The decision was made that a larger community should be established to encompass the various groups wishing to live the charism of John Paul II. With the guidance of Archbishop Hickey, the Missionaries of the Gospel were officially established on June 23, 2007.

Sr. Bernadette made her final vows as the first John Paul II sister on Oct. 16, 2008. Two other women who had been in formation with her became ill and had to leave the community.

Although Sr. Bernadette is now the only John Paul II sister, she said that she is in contact with several other women who are interested in joining the community.

Currently, Sr. Bernadette is living in Washington, D.C., where she has been sent to study at the Institute for the Psychological Sciences for two years. She explained that she is in a program that integrates psychology, philosophy and theology with the intent of gaining a fuller understanding of the human person in order to better evangelize and form people in the way that John Paul II did.

Sr. Bernadette said her own initial encounters with John Paul II took place through other people. She said that she was particularly struck by the stories and pictures of her friends who had gone to Rome for World Youth Day in 2000.

She was impressed by the Pope’s way of “personally relating to people and being present with them and bringing Christ to them in such a relevant, tangible way.”

At the time, Sr. Bernadette was returning to her faith. She said that her encounters with the Pope through her friends helped her to “experience Christ” and grow deeper in her faith.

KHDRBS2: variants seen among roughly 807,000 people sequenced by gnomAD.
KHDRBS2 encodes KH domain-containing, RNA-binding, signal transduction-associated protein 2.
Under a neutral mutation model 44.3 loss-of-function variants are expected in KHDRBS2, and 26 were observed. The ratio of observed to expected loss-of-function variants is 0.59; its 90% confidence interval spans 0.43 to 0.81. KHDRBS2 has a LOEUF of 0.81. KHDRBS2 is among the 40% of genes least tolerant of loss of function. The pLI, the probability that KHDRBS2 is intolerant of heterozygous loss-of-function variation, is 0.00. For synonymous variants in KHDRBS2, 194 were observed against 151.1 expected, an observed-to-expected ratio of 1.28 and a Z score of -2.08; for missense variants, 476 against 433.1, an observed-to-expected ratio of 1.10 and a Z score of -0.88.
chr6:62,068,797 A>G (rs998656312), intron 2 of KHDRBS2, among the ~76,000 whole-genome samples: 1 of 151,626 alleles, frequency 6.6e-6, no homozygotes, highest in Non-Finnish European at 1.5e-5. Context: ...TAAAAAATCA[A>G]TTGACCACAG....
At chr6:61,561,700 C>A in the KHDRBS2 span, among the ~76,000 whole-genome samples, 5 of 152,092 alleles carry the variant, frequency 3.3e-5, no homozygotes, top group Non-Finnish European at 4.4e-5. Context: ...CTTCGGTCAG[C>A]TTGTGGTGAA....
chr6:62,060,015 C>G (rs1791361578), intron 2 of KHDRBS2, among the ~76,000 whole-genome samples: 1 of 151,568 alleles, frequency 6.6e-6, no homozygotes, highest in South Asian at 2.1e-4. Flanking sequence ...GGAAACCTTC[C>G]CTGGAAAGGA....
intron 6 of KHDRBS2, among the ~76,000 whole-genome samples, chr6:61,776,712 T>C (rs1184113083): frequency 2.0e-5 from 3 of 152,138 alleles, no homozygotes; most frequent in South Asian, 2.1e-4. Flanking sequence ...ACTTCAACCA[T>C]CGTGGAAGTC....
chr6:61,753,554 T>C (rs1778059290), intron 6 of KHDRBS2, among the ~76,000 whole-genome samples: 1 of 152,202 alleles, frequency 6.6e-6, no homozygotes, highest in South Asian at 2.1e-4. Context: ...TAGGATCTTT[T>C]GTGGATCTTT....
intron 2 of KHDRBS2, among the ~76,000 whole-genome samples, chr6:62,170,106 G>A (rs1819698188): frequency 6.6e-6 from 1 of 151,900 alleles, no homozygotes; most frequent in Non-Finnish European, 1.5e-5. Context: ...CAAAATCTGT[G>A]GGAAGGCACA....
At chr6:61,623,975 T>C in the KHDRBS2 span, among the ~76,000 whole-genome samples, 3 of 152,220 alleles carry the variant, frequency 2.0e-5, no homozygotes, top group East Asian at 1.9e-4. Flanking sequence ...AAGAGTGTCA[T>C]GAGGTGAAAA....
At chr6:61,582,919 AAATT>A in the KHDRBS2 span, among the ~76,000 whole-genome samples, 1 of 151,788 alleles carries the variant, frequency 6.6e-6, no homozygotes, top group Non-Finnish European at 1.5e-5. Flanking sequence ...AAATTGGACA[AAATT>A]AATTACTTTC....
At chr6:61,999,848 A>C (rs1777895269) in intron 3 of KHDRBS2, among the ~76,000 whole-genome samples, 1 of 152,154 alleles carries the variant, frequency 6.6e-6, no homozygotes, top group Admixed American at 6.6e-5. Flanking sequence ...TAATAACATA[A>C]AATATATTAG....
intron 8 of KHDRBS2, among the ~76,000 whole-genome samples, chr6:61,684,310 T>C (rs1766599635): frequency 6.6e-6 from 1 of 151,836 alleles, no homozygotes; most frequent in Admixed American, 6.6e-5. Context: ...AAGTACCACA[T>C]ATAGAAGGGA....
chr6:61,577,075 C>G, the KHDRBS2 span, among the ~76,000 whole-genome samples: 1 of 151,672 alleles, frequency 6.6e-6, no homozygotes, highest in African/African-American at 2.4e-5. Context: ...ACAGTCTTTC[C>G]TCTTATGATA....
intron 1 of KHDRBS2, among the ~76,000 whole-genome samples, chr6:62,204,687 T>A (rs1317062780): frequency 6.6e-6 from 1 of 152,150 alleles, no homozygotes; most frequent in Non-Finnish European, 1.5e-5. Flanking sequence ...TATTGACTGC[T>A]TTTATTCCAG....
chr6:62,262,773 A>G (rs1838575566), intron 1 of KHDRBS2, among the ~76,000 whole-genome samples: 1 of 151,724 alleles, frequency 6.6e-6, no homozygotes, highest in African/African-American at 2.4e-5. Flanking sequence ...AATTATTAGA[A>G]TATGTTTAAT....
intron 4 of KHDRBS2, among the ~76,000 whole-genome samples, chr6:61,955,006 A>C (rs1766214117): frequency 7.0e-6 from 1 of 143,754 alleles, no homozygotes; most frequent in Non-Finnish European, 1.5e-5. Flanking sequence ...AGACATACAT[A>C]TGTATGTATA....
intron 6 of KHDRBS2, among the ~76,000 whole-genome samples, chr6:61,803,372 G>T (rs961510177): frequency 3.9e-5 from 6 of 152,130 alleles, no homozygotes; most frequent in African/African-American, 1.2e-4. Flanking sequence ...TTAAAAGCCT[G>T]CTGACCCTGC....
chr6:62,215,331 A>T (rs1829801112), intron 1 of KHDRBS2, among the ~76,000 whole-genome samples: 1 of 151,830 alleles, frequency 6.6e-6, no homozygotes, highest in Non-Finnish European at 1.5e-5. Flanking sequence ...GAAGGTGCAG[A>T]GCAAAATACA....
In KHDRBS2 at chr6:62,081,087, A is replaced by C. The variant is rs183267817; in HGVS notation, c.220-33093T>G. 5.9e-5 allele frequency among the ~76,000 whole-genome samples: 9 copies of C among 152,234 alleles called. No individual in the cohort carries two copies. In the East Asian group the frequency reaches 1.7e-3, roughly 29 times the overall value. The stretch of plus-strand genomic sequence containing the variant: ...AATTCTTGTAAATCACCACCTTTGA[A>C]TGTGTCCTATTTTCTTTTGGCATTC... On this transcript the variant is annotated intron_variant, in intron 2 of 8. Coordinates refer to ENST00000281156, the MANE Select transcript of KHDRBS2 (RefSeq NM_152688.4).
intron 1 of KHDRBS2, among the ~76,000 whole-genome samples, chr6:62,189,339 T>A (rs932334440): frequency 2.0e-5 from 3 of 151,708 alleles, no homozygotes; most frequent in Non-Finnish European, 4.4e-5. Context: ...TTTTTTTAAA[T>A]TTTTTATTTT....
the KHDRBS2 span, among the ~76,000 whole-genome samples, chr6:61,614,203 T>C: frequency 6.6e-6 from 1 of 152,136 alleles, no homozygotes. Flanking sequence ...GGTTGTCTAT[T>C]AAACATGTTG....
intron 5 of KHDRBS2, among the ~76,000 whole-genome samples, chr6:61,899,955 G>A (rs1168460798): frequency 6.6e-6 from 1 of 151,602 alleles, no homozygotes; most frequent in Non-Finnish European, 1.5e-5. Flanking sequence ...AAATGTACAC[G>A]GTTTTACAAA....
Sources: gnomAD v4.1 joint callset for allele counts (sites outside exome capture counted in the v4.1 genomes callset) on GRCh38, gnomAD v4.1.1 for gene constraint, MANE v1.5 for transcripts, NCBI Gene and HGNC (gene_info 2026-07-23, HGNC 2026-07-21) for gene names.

As she learned more about John Paul II, she realized that she was drawn toward his “thought and his way of doing things” and wanted to spend her whole life shaping and forming people in the way that he did.

When Sr. Bernadette met John Paul II in 2004, her appreciation for him was already strong.
She spoke of the incredible experience of simply seeing “his way of being with others and with God.”

At the Pope’s beatification on May 1, 2011, Sr. Bernadette read the second reading.

She believes that the legacy of Pope John Paul II will reach far into the future of the Church.
“I think it will completely revolutionize the way the Church does everything,” she said.

“I know that’s a really bold statement,” she added, explaining that she believes that people have only begun to understand “the gift that the Church received through John Paul II.”

More information about the Missionaries of the Gospel can be found at:

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Ann Widdecombe: UK aid policy should help persecuted Christians

London, England, Oct 22, 2011 (CNA) -

Former British politician Ann Widdecombe criticized Prime Minister David Cameron for axing foreign aid to countries that persecute gays while overlooking widespread threats to Christians.

“David Cameron’s government have threatened to cut the overseas aid budget for countries which persecute homosexuals,” Widdecombe said in London at an Oct. 22 conference for the international charity Aid to the Church in Need.

“Fair enough. But what about Christians? When do we qualify for such protection or don’t we?”

Widdecombe, a Catholic convert who represented the Conservative Party as a Member of Parliament from 1987 to 2007, contrasted the government’s pro-gay overseas aid policy with its stance on some countries' state-sponsored violence against Christians.

Recently named a “special envoy on religious freedom” for Aid to the Church in Need, Widdecombe gave the keynote address at the event titled “The Arab Spring: A Spring or Autumn for Christians?”

During her speech, she noted that in Pakistan, where U.K. aid will double to 350 million British pounds per year, Christian Asia Bibi has been sentenced to death for blasphemy—a case that has drawn international condemnation.